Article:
Neither Rain Nor Sleet Nor Snow . . .

Posted on February 18, 2021 by shackelford under Uncategorized
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I’m sitting in my office—which just happens to be in the garage (it’s a long story . . .)—and I hear the garage door as it begins its ascent, letting in the winter winds and sleet as it goes.  Outside I hear the crunching of the ice as our removal van approaches, the driver positioning it so he can back into the first bay of the garage.  After coming to a halt it begins to beep incessantly as the back hatch is raised.  The beeping stops when the door is fully opened but in its place is the sound of the cot being removed and taken into the building.  The door beeps again as it closes . . . and then I’m back to the silence that is bookkeeping on a snowy day with nothing more than tapping on the keyboard and the occasional ringing of the phone and the roaring of the garage heater to break the monotony.  Oh, and the sound of the ice chunks as the warmth allows them to fall from the wheel wells of the van.

Winter weather in the south tends to bring the world to a screeching halt—or in our case, a crunchy slide.  Halting isn’t always an option if you’re brave enough to get out in a vehicle and oblivious enough to end up on an unscraped, unsalted side road.  All the staples of life magically disappear from the grocery shelves and everyone closets themselves in the safety of their respective homes, except for those of us who delight in the snow (that would be me).  We will venture out to play or, if necessary, to work, with the knowledge we can return to the warmth of our house at any point.  In other words, if allowed we will basically cease to function until the thaw.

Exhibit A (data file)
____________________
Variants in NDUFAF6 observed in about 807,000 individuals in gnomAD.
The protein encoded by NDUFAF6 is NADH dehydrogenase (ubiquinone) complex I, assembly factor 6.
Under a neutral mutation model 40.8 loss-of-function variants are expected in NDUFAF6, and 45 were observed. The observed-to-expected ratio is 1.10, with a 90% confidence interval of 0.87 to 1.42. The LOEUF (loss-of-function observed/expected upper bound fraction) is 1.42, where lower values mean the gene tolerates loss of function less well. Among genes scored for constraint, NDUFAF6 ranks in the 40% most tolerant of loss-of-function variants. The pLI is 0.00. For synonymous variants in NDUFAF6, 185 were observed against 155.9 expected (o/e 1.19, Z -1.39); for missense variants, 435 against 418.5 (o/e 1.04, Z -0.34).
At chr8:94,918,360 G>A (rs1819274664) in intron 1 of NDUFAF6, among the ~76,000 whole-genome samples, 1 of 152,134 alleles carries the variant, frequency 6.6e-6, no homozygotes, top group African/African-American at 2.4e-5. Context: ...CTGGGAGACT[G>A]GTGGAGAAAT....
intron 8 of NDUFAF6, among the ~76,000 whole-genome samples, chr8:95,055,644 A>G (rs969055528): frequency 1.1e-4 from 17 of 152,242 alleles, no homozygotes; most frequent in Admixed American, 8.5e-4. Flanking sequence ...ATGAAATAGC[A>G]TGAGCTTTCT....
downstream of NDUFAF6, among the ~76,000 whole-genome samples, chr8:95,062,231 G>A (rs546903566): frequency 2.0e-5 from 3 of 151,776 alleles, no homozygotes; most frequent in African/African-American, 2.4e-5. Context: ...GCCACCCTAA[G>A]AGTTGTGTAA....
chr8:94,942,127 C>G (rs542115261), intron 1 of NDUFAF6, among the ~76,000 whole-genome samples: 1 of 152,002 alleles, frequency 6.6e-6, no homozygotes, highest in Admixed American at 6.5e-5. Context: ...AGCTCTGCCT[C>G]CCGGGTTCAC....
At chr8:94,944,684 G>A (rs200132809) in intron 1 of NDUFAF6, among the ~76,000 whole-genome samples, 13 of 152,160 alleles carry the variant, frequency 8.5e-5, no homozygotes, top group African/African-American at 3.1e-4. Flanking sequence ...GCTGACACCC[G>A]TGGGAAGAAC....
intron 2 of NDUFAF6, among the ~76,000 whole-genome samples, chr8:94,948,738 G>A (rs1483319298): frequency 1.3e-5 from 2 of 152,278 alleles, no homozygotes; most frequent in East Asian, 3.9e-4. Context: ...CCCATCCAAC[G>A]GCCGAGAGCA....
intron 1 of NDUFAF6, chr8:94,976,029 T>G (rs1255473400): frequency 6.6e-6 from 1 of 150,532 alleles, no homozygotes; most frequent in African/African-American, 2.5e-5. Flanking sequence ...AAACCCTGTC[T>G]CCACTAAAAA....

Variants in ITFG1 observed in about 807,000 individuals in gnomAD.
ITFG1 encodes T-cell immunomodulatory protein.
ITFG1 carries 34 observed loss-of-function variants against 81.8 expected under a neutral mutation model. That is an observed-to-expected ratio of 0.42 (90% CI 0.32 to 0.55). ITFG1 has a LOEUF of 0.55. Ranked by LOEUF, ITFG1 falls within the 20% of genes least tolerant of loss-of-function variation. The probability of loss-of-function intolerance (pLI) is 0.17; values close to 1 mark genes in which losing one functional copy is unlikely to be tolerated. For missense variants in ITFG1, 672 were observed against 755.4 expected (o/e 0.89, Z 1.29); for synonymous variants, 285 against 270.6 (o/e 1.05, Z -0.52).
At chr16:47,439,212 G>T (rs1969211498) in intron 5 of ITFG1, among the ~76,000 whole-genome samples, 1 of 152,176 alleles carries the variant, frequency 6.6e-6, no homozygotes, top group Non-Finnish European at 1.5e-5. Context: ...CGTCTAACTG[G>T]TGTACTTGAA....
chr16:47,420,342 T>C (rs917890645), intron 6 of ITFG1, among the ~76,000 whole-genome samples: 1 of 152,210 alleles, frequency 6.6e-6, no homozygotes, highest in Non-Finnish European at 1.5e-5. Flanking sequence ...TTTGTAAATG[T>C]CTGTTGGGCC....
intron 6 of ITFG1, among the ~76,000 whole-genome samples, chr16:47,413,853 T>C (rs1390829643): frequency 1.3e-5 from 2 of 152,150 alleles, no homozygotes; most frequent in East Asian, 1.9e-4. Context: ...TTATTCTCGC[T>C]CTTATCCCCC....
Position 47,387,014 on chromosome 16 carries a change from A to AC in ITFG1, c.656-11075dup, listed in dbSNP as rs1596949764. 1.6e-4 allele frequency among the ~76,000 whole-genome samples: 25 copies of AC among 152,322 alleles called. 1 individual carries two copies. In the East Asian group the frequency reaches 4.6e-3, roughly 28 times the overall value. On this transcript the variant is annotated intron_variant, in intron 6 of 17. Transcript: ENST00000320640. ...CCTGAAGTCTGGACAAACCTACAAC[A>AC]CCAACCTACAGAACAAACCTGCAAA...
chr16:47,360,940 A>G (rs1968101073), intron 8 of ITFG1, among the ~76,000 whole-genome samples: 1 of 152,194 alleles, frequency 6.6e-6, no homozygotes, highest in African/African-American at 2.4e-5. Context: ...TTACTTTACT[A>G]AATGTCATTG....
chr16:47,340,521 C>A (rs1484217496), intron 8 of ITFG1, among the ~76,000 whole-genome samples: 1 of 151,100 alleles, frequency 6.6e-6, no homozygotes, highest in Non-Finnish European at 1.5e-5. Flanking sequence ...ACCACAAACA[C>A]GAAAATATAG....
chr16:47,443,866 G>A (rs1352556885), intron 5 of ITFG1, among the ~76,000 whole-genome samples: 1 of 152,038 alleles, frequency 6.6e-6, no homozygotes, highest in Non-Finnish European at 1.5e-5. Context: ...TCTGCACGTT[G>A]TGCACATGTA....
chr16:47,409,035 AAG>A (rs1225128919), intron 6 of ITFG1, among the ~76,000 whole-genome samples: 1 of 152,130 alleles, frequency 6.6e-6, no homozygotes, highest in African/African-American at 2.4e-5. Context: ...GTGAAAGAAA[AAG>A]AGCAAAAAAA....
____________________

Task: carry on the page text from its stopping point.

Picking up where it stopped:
But you know what doesn’t stop for sleet and/or snow?  Births don’t.  If a child decides it’s time to enter the world, it really doesn’t matter if there’s a sheet of ice six feet thick on the roads.  And illness . . . illnesses and catastrophic health events like strokes or heart attacks will continue undeterred by horrid driving conditions.  As a matter of fact, emergencies of any kind will continue and sometimes even escalate compliments of the aforementioned oblivious people of the world.  You know what else doesn’t stop?  Death.

It would be nice if there was a button someone could push, a magical button that basically brought the world and all its horrible happenings to at least a temporary halt—a truce with Nature, so to speak—until such time as the weather cooperated and everyone could safely move about without freezing or landing in a ditch . . . or worse.  But until someone manages to invent such a magnificent button, doctors and nurses will still creep to work.  Police and firefighters will still respond to emergencies.  And funeral home staff?  We’ll still be going when we’re called.  We’ll still be here to assist the families confronting loss, because Death doesn’t take holidays. And he doesn’t check the weather before he comes.



About the author:  Lisa Shackelford Thomas is a fourth generation member of a family that’s been in funeral service since 1926.  She has been employed at Shackelford Funeral Directors in Savannah, Tennessee for over 40 years and currently serves as the manager there.  Any opinions expressed here are hers and hers alone, and may or may not reflect the opinions of other Shackelford family members or staff.

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